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Deep neural networks continue to advance the state-of-the-art of image recognition tasks with various methods. However, applications of these methods to multimodality remain limited. We present Multimodal Residual Networks (MRN) for the multimodal residual learning of visual question-answering, which extends the idea of the deep residual learning. Unlike the deep residual learning, MRN effectively learns the joint representation from vision and language information. The main idea is to use element-wise multiplication for the joint residual mappings exploiting the residual learning of the attentional models in recent studies. Various alternative models introduced by multimodality are explored based on our study. We achieve the state-of-the-art results on the Visual QA dataset for both Open-Ended and Multiple-Choice tasks. Moreover, we introduce a novel method to visualize the attention effect of the joint representations for each learning block using back-propagation algorithm, even though the visual features are collapsed without spatial information.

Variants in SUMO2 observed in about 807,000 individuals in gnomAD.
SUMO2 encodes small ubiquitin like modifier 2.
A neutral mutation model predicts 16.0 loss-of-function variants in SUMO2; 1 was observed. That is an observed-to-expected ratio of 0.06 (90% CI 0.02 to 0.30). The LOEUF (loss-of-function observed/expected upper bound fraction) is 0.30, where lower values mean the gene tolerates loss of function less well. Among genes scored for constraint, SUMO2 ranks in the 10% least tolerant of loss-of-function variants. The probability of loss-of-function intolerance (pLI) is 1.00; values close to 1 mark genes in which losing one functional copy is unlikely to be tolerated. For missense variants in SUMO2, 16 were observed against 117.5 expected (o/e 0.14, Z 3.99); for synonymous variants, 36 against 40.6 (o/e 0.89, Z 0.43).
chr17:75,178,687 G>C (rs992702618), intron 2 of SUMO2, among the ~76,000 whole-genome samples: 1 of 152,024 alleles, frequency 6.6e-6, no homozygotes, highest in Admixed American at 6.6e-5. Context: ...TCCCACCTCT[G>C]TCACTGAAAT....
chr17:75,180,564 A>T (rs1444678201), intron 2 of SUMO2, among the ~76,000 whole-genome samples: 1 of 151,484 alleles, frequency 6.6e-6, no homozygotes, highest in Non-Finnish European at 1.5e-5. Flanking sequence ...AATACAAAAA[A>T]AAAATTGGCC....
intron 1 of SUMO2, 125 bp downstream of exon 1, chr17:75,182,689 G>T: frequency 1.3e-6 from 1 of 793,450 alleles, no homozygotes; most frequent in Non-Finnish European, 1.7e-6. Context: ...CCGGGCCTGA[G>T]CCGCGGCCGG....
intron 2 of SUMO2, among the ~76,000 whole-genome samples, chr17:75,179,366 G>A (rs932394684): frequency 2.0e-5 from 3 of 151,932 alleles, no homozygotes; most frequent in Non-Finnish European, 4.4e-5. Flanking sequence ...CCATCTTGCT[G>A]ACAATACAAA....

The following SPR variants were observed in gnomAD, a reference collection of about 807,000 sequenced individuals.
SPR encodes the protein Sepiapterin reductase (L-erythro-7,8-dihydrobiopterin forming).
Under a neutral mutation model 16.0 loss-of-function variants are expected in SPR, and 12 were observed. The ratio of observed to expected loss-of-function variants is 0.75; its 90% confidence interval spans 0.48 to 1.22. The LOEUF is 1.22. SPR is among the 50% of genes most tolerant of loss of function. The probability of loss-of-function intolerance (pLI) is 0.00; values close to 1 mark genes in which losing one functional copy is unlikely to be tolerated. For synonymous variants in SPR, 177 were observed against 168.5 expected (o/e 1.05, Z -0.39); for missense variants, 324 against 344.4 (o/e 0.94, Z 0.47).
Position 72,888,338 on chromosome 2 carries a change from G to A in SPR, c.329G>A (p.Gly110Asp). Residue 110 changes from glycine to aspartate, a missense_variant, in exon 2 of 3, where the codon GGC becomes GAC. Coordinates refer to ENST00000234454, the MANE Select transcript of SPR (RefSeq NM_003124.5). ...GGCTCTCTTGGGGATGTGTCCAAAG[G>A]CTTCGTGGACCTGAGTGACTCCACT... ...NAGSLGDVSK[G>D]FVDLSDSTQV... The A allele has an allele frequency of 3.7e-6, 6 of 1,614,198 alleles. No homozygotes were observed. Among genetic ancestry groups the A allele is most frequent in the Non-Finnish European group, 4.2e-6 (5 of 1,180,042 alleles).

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In this paper, we consider the problem of probabilistically modelling symbolic music data. We introduce a representation which reduces polyphonic music to a univariate categorical sequence. In this way, we are able to apply state of the art natural language processing techniques, namely the long short-term memory sequence model. The representation we employ permits arbitrary rhythmic structure, which we assume to be given. We show that our model is effective on four out of four piano roll based benchmark datasets. We further improve our model by augmenting our training data set with transpositions of the original pieces through all musical keys, thereby convincingly advancing the state of the art on these benchmark problems. We also fit models to music which is unconstrained in its rhythmic structure, discuss the properties of this model, and provide musical samples which are more sophisticated than previously possible with this class of recurrent neural network sequence models. We also provide our newly preprocessed data set of non piano-roll music data.